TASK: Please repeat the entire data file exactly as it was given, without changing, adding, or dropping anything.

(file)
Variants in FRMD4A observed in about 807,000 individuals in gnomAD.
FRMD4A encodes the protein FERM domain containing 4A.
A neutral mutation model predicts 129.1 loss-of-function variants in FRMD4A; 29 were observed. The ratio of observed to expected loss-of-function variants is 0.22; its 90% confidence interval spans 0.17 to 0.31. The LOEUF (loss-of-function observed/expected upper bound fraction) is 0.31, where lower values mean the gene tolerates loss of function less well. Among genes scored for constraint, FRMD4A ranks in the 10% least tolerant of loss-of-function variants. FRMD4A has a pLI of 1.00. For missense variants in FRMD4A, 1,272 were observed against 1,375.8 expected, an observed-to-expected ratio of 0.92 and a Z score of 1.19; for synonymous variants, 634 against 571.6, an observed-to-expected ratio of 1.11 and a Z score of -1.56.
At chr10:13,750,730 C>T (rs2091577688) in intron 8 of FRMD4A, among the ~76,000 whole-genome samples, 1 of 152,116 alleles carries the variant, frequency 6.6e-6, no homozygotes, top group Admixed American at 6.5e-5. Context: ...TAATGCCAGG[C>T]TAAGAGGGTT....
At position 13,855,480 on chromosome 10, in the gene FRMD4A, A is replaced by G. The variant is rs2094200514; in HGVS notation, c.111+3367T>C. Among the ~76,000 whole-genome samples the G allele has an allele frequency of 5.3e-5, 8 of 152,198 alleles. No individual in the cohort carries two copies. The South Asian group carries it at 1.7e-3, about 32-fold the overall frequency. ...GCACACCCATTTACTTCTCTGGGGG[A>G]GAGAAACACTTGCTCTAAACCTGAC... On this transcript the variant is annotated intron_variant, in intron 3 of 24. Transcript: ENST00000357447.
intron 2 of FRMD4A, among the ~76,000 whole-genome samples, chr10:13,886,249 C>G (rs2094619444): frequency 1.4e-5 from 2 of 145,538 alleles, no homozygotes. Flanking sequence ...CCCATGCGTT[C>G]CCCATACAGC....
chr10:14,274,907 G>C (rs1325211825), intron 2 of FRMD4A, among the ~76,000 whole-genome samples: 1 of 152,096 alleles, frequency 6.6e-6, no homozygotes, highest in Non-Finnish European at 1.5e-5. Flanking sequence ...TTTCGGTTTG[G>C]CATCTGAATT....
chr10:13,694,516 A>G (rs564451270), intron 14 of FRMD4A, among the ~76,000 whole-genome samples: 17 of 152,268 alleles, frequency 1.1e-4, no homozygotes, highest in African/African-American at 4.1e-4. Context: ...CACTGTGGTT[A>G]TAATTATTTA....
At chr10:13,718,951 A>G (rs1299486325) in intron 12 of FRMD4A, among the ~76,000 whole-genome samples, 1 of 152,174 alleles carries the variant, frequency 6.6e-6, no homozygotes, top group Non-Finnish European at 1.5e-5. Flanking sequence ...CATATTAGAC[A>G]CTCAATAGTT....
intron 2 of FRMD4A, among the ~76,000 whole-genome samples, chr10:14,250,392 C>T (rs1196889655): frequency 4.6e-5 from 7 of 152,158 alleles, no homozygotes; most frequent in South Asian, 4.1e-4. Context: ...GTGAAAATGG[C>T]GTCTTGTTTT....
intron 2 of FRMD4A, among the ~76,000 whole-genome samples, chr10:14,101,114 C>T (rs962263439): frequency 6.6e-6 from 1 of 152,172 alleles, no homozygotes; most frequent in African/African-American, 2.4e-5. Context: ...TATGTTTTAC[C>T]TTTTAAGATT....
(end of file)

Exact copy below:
Variants in FRMD4A observed in about 807,000 individuals in gnomAD.
FRMD4A encodes the protein FERM domain containing 4A.
A neutral mutation model predicts 129.1 loss-of-function variants in FRMD4A; 29 were observed. The ratio of observed to expected loss-of-function variants is 0.22; its 90% confidence interval spans 0.17 to 0.31. The LOEUF (loss-of-function observed/expected upper bound fraction) is 0.31, where lower values mean the gene tolerates loss of function less well. Among genes scored for constraint, FRMD4A ranks in the 10% least tolerant of loss-of-function variants. FRMD4A has a pLI of 1.00. For missense variants in FRMD4A, 1,272 were observed against 1,375.8 expected, an observed-to-expected ratio of 0.92 and a Z score of 1.19; for synonymous variants, 634 against 571.6, an observed-to-expected ratio of 1.11 and a Z score of -1.56.
At chr10:13,750,730 C>T (rs2091577688) in intron 8 of FRMD4A, among the ~76,000 whole-genome samples, 1 of 152,116 alleles carries the variant, frequency 6.6e-6, no homozygotes, top group Admixed American at 6.5e-5. Context: ...TAATGCCAGG[C>T]TAAGAGGGTT....
At position 13,855,480 on chromosome 10, in the gene FRMD4A, A is replaced by G. The variant is rs2094200514; in HGVS notation, c.111+3367T>C. Among the ~76,000 whole-genome samples the G allele has an allele frequency of 5.3e-5, 8 of 152,198 alleles. No individual in the cohort carries two copies. The South Asian group carries it at 1.7e-3, about 32-fold the overall frequency. ...GCACACCCATTTACTTCTCTGGGGG[A>G]GAGAAACACTTGCTCTAAACCTGAC... On this transcript the variant is annotated intron_variant, in intron 3 of 24. Transcript: ENST00000357447.
intron 2 of FRMD4A, among the ~76,000 whole-genome samples, chr10:13,886,249 C>G (rs2094619444): frequency 1.4e-5 from 2 of 145,538 alleles, no homozygotes. Flanking sequence ...CCCATGCGTT[C>G]CCCATACAGC....
chr10:14,274,907 G>C (rs1325211825), intron 2 of FRMD4A, among the ~76,000 whole-genome samples: 1 of 152,096 alleles, frequency 6.6e-6, no homozygotes, highest in Non-Finnish European at 1.5e-5. Flanking sequence ...TTTCGGTTTG[G>C]CATCTGAATT....
chr10:13,694,516 A>G (rs564451270), intron 14 of FRMD4A, among the ~76,000 whole-genome samples: 17 of 152,268 alleles, frequency 1.1e-4, no homozygotes, highest in African/African-American at 4.1e-4. Context: ...CACTGTGGTT[A>G]TAATTATTTA....
At chr10:13,718,951 A>G (rs1299486325) in intron 12 of FRMD4A, among the ~76,000 whole-genome samples, 1 of 152,174 alleles carries the variant, frequency 6.6e-6, no homozygotes, top group Non-Finnish European at 1.5e-5. Flanking sequence ...CATATTAGAC[A>G]CTCAATAGTT....
intron 2 of FRMD4A, among the ~76,000 whole-genome samples, chr10:14,250,392 C>T (rs1196889655): frequency 4.6e-5 from 7 of 152,158 alleles, no homozygotes; most frequent in South Asian, 4.1e-4. Context: ...GTGAAAATGG[C>T]GTCTTGTTTT....
intron 2 of FRMD4A, among the ~76,000 whole-genome samples, chr10:14,101,114 C>T (rs962263439): frequency 6.6e-6 from 1 of 152,172 alleles, no homozygotes; most frequent in African/African-American, 2.4e-5. Context: ...TATGTTTTAC[C>T]TTTTAAGATT....